Linked by Thom Holwerda on Mon 18th Jun 2012 12:19 UTC
Graphics, User Interfaces It's been one of my major pet peeves on both Android and iOS: the total and utter lack of consistency. Applications - whether first party or third party - all seem to live on islands, doing their own thing, making their own design choices regarding basic UI interactions, developing their own non-standard buttons and controls. Consistency died five years ago, and nobody seems to care but me.
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UI consistency died much earlier
by _cynic_ on Mon 18th Jun 2012 13:26 UTC
Member since:

UI consistency died much earlier. Web apps...

Reply Score: 7

gan17 Member since:

Much earlier than that, actually..... Widgets

Then again, anything outside a terminal session is a mess in my book. ;)

Reply Parent Score: 5

Laurence Member since:

Much earlier than that, actually..... Widgets

Then again, anything outside a terminal session is a mess in my book. ;)

Not even the terminal is consistent:

Parameters are non-standardised (most annoying of all, the -h / -? / --help switches). And the way in which commands are chained can vary too (eg GNU tools tend to allow single char switches which can be linked as one parameter, where as Sun (RIP) preferred full descriptive terms that had to be individually specified.

You also have some apps abusing STDERR (most notably outputting command usage to STDERR instead of STDOUT).

There's the mismatch of true CLIs which are optimised for shell scripting and text UIs (such as ncurses) which can't be piped at all.

And dadly the problems aren't limited to execution either as app config files can vary massively too. From basic Windows INI style configs to shell parsable envs, XML docs, JSON structures and even completely bespoke layouts.

And don't get me started on incompatibilities that can arise from using the wrong character set or even $TERM.

Going back to the wider problem though - the one Thom raised - I do miss consistency in design elements. But sadly I think it's an inescapable situation. The real problem is as long as you allow 3rd parties to develop software, those developers will have their own ideas about usability. So you either have to accept that inconsistencies will arise, or write the entire stack inhouse. Neither solution is optimal, but such is life.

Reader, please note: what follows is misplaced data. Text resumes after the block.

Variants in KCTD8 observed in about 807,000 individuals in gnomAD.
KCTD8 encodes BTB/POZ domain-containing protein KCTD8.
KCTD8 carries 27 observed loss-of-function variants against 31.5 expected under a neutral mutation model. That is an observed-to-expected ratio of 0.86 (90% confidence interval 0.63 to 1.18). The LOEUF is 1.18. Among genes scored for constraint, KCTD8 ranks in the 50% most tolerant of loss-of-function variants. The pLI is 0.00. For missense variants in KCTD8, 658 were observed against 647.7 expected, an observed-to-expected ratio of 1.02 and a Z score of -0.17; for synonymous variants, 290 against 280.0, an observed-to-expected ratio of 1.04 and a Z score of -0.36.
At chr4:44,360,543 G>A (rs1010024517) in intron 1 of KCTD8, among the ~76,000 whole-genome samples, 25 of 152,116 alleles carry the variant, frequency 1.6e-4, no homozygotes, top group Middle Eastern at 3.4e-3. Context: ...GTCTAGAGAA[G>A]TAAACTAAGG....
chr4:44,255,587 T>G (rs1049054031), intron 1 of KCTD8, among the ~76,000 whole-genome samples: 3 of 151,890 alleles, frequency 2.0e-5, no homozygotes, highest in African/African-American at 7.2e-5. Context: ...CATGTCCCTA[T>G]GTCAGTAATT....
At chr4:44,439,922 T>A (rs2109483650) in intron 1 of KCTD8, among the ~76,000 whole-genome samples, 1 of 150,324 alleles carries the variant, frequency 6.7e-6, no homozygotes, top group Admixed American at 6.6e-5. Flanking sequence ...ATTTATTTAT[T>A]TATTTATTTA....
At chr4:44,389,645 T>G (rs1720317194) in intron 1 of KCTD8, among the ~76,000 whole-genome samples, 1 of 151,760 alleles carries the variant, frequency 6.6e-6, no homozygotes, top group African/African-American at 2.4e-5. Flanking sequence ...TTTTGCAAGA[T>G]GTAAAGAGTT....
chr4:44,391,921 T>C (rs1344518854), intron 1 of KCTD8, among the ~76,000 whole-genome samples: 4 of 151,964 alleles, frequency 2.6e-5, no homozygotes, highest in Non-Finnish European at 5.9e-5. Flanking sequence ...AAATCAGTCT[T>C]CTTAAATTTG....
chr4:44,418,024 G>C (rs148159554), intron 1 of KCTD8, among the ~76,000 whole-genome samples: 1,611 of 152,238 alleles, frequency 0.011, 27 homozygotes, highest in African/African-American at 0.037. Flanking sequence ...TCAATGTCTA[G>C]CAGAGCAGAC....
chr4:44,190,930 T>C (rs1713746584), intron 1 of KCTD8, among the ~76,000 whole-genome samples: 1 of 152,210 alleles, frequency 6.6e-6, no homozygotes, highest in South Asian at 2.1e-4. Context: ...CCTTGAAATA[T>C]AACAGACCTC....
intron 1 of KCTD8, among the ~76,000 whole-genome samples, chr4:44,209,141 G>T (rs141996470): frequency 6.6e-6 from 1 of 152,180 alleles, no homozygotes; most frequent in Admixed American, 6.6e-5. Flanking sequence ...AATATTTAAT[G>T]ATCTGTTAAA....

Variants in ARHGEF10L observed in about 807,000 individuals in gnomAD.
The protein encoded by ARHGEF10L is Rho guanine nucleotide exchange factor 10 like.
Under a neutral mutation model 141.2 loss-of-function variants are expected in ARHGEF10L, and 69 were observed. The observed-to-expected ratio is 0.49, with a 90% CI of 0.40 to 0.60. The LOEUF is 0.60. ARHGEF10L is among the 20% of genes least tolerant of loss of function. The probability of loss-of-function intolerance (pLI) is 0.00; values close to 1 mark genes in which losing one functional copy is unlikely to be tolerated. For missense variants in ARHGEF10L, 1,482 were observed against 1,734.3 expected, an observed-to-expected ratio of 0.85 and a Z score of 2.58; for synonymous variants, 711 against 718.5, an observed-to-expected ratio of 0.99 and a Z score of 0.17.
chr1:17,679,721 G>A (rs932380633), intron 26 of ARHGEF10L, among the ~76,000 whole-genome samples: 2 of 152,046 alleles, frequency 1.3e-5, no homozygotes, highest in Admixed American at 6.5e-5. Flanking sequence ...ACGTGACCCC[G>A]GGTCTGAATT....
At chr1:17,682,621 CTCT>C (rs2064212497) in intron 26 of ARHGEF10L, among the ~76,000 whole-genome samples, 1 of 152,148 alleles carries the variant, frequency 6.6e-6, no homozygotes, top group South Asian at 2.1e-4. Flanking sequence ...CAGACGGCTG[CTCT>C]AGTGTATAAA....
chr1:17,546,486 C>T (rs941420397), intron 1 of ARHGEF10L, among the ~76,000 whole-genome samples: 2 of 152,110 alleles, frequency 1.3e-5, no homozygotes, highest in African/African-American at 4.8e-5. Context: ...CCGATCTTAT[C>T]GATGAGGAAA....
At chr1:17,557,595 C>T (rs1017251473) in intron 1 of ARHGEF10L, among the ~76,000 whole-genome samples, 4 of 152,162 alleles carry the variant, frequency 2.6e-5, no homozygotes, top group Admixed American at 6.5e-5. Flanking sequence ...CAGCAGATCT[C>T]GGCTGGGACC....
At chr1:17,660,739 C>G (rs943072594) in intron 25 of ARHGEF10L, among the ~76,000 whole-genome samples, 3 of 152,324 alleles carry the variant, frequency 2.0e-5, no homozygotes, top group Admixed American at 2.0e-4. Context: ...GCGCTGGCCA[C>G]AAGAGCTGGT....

Reply Parent Score: 4

zima Member since:

Websites in general (yeah, that kinda includes OSNews ;) ).

Large part of those Android or iOS applications are basically "web 3.0" - they are often little more than custom UI to a single website or feed.
And majority of what Thom wrote in Conceptual part applies to web pages. Plus, WRT one other bit in the article...

users can carry over their experience from one application to the next, making the whole experience of using a UI more fluid. Applications should be the means to an end - not the end itself.

Maybe that's not necessarily perceived as a good thing for app makers (or website owners), users not being very used to particular app UI, and able to effortlessly move to others. As far as those who make them are concerned, apps are the end itself.

Overall, really, I'd say UI consistency never was very strictly followed; a bit stillborn.

Edited 2012-06-18 14:57 UTC

Reply Parent Score: 3

Dave_K Member since:

Websites in general (yeah, that kinda includes OSNews ;) ).

I think there's often more consistency on the web than there is between different applications in an OS.

Every website is running within the same browser, using the same window controls, keyboard shortcuts, toolbars, menus, mouse gestures and so on. If I right click on a link, or highlight and drag a block of text, or open a file dialog, or perform loads of other interactions, they'll all work pretty consistently across different websites.

Even when it comes to the websites themselves, there are certain design elements that are relatively consistent between similar sites.

Most of the forums and blogs I read have a similar layout and comment system. If I go to one I haven't visited before it's highly unlikely that there's anything new I'll have to learn.

I've been shopping around for some PC components recently. Before even visiting a new online store I can guess where navigation elements will be placed, and how product listings will be laid out. The vast majority follow roughly the same template.

In my experience, websites that go their own way and break conventions with a radically different design have to be very well thought out, otherwise the inconsistency will really annoy users.

Reply Parent Score: 3

avih Member since:

WinAmp anyone? 1997, one of the earliest extremely wide spread application which used a "skin". That was 15 years ago...

Reply Parent Score: 2